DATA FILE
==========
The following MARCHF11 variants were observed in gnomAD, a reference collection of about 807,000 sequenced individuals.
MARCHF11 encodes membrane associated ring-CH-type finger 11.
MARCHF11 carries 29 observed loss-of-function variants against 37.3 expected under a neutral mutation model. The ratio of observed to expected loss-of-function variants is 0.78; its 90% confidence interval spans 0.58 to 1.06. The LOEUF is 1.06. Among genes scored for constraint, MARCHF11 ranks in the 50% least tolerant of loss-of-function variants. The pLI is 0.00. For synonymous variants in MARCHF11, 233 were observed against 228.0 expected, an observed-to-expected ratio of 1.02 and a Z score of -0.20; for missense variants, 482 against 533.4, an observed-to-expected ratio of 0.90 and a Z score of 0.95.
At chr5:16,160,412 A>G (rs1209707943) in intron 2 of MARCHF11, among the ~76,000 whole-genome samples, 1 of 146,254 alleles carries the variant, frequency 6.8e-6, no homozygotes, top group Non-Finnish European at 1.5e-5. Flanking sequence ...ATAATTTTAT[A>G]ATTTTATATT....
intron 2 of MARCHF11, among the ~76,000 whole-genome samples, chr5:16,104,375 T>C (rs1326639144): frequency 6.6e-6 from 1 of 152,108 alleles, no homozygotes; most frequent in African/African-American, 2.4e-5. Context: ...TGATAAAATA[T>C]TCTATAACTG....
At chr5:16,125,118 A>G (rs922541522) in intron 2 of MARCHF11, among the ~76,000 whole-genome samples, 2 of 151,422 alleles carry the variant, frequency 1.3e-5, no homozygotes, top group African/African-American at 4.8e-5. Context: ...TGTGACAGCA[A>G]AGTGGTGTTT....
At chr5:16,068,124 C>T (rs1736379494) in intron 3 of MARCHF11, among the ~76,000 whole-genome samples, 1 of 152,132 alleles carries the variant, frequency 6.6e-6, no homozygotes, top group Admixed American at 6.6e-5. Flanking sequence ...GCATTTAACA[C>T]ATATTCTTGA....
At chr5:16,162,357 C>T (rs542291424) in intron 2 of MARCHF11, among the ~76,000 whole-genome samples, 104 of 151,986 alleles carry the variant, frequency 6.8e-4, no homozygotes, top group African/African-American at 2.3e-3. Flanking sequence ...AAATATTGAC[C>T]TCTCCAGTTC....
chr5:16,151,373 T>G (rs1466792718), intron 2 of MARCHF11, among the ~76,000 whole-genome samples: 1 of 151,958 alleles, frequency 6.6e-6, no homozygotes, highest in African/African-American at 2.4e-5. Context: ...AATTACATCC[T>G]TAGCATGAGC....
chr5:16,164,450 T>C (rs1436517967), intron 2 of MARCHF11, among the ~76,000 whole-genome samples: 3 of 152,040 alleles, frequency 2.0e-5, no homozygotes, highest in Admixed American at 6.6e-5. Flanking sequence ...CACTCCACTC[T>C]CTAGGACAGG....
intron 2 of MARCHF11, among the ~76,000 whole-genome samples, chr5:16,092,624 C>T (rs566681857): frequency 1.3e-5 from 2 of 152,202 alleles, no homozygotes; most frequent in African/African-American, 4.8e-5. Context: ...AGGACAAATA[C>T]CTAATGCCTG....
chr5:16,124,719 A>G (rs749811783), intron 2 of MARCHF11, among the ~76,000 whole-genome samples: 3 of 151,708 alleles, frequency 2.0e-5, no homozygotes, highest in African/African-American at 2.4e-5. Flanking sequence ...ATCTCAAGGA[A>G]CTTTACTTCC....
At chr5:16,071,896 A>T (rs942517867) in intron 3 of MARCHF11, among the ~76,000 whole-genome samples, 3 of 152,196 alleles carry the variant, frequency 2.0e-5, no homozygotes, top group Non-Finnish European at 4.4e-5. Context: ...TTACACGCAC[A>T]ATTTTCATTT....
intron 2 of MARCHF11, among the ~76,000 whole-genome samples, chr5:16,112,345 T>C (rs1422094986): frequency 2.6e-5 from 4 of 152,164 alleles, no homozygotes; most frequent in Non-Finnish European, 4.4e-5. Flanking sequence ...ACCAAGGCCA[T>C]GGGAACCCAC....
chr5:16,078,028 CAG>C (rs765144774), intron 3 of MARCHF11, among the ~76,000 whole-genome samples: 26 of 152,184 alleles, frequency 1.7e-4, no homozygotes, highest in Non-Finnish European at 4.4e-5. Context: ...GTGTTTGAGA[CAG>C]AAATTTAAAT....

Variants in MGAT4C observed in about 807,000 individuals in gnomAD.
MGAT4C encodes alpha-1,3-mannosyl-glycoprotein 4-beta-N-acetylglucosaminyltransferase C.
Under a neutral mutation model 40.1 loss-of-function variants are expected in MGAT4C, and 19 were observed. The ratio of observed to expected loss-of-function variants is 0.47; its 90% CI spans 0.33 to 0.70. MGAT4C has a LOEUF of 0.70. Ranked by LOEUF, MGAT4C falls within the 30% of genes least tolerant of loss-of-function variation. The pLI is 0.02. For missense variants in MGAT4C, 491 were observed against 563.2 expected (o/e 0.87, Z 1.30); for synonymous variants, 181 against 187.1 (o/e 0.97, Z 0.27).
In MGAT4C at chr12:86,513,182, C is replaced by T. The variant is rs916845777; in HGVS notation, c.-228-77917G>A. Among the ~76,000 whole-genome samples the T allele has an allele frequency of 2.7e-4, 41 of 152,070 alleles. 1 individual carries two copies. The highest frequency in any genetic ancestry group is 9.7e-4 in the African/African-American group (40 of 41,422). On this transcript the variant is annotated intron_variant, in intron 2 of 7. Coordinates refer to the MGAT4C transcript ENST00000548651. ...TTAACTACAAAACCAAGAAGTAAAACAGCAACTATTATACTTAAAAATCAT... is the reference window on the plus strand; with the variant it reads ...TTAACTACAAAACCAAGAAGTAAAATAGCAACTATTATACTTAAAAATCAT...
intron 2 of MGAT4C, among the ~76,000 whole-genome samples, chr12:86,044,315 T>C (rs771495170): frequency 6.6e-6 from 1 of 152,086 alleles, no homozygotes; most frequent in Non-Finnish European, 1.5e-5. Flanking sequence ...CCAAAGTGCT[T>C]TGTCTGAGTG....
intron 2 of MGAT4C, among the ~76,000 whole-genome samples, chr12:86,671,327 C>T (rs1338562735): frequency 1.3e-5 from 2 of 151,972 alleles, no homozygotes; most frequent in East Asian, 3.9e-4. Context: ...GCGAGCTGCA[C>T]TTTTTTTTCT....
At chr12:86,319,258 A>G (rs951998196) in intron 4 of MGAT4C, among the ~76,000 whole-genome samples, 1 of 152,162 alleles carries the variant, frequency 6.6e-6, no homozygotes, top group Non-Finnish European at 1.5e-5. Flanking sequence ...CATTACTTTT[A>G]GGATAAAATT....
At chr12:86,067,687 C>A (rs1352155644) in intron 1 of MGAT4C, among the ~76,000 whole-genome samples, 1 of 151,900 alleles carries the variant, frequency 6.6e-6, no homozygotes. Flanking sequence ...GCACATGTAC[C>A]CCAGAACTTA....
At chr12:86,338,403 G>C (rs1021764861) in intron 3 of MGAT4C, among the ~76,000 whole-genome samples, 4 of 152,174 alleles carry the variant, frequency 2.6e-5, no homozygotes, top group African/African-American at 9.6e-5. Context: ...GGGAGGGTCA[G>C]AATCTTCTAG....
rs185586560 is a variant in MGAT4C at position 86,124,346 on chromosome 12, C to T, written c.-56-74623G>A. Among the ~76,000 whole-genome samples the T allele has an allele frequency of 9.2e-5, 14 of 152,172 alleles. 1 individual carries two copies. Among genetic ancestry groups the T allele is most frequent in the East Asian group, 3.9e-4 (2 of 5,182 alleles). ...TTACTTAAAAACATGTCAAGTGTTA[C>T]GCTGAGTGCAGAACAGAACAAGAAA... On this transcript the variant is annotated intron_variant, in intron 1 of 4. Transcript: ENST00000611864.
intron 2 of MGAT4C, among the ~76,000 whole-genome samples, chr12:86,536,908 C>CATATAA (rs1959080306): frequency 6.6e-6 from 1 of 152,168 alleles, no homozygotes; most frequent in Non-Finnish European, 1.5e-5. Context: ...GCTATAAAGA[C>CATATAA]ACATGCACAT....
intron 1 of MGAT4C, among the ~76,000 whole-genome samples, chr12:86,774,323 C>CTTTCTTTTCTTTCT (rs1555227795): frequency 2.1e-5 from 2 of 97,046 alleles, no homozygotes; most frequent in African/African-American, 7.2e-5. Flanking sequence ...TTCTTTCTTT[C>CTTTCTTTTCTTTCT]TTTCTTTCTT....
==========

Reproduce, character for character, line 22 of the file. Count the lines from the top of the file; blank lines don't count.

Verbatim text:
At chr12:86,319,258 A>G (rs951998196) in intron 4 of MGAT4C, among the ~76,000 whole-genome samples, 1 of 152,162 alleles carries the variant, frequency 6.6e-6, no homozygotes, top group Non-Finnish European at 1.5e-5. Flanking sequence ...CATTACTTTT[A>G]GGATAAAATT....